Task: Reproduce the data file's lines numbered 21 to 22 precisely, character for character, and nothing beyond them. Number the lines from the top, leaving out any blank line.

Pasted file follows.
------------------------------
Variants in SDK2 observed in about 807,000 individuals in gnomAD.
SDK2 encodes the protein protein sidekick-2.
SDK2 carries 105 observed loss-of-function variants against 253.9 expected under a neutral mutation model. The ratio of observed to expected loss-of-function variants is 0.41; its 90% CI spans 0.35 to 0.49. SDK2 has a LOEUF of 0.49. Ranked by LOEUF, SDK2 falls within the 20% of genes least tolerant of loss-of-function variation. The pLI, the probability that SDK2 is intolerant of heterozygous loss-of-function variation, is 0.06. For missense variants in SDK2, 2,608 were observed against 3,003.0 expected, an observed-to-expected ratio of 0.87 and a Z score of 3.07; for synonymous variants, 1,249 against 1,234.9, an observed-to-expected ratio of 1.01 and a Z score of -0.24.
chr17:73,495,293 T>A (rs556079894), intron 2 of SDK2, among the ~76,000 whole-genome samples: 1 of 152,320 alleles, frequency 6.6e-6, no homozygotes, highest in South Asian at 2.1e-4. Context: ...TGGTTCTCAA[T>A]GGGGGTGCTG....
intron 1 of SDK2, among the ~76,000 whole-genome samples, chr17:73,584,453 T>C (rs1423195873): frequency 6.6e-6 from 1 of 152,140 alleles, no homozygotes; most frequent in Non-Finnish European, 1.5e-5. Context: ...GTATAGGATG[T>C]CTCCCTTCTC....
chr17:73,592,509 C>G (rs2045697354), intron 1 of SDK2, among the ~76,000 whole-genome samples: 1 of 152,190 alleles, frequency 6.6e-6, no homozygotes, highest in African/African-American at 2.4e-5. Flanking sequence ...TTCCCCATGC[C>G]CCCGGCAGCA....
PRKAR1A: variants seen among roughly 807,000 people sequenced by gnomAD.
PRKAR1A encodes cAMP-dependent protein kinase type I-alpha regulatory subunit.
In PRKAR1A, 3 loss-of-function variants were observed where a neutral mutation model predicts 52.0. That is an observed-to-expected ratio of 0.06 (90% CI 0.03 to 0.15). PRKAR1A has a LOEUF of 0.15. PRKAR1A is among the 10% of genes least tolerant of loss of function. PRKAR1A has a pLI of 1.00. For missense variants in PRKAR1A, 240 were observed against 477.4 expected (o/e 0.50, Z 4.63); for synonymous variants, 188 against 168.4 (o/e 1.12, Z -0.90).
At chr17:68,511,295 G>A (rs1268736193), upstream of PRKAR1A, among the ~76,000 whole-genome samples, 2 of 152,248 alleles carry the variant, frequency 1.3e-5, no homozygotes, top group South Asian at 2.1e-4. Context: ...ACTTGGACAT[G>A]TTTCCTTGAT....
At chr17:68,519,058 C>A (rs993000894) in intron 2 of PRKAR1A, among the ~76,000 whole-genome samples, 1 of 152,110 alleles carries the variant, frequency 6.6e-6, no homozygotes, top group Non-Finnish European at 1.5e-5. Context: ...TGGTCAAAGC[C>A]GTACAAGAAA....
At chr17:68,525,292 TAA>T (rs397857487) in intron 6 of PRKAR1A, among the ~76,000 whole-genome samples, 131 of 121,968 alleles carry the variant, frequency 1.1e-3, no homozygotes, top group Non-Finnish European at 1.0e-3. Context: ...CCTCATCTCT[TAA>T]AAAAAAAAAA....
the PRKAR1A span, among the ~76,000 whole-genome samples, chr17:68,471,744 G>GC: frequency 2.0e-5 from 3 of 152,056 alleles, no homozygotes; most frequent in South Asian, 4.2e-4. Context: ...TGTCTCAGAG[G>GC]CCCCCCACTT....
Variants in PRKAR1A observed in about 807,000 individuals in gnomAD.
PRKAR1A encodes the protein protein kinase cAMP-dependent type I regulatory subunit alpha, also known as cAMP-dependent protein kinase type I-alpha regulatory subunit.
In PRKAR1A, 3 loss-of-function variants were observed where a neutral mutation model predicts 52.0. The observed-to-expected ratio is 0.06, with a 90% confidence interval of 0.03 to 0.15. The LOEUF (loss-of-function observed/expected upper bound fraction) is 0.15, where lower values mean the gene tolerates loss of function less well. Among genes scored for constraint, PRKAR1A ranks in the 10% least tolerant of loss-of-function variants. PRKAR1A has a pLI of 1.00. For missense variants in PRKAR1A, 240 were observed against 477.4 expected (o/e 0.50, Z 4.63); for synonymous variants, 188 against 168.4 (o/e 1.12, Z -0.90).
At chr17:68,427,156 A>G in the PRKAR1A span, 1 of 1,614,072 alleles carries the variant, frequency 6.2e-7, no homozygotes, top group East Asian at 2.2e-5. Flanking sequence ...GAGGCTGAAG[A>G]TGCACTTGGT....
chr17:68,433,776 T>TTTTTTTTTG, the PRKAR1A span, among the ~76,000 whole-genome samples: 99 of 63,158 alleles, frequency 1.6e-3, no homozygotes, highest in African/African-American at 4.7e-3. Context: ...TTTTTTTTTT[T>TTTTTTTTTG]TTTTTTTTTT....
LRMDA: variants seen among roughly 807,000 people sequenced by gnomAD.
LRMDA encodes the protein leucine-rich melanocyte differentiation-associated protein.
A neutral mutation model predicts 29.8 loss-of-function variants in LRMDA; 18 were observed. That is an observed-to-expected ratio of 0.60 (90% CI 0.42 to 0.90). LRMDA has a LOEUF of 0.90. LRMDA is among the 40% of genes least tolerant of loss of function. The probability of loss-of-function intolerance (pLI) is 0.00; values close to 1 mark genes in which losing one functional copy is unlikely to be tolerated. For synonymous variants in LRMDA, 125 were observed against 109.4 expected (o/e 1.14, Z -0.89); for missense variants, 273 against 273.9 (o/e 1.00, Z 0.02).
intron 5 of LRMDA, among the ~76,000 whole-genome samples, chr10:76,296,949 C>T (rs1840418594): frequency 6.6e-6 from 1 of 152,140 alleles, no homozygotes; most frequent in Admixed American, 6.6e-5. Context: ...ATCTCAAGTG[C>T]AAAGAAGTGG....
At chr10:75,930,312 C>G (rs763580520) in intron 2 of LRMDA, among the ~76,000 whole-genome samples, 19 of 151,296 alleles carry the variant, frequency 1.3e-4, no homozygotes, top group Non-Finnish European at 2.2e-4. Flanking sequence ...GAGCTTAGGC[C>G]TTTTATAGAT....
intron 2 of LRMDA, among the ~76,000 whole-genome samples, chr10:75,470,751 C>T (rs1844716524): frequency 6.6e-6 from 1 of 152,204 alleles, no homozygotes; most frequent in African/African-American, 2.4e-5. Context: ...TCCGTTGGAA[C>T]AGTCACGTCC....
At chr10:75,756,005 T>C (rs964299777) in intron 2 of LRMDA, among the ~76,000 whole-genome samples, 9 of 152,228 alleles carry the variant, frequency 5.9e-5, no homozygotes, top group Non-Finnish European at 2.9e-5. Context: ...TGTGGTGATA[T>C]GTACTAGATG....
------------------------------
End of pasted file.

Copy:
A neutral mutation model predicts 29.8 loss-of-function variants in LRMDA; 18 were observed. That is an observed-to-expected ratio of 0.60 (90% CI 0.42 to 0.90). LRMDA has a LOEUF of 0.90. LRMDA is among the 40% of genes least tolerant of loss of function. The probability of loss-of-function intolerance (pLI) is 0.00; values close to 1 mark genes in which losing one functional copy is unlikely to be tolerated. For synonymous variants in LRMDA, 125 were observed against 109.4 expected (o/e 1.14, Z -0.89); for missense variants, 273 against 273.9 (o/e 1.00, Z 0.02).
intron 5 of LRMDA, among the ~76,000 whole-genome samples, chr10:76,296,949 C>T (rs1840418594): frequency 6.6e-6 from 1 of 152,140 alleles, no homozygotes; most frequent in Admixed American, 6.6e-5. Context: ...ATCTCAAGTG[C>T]AAAGAAGTGG....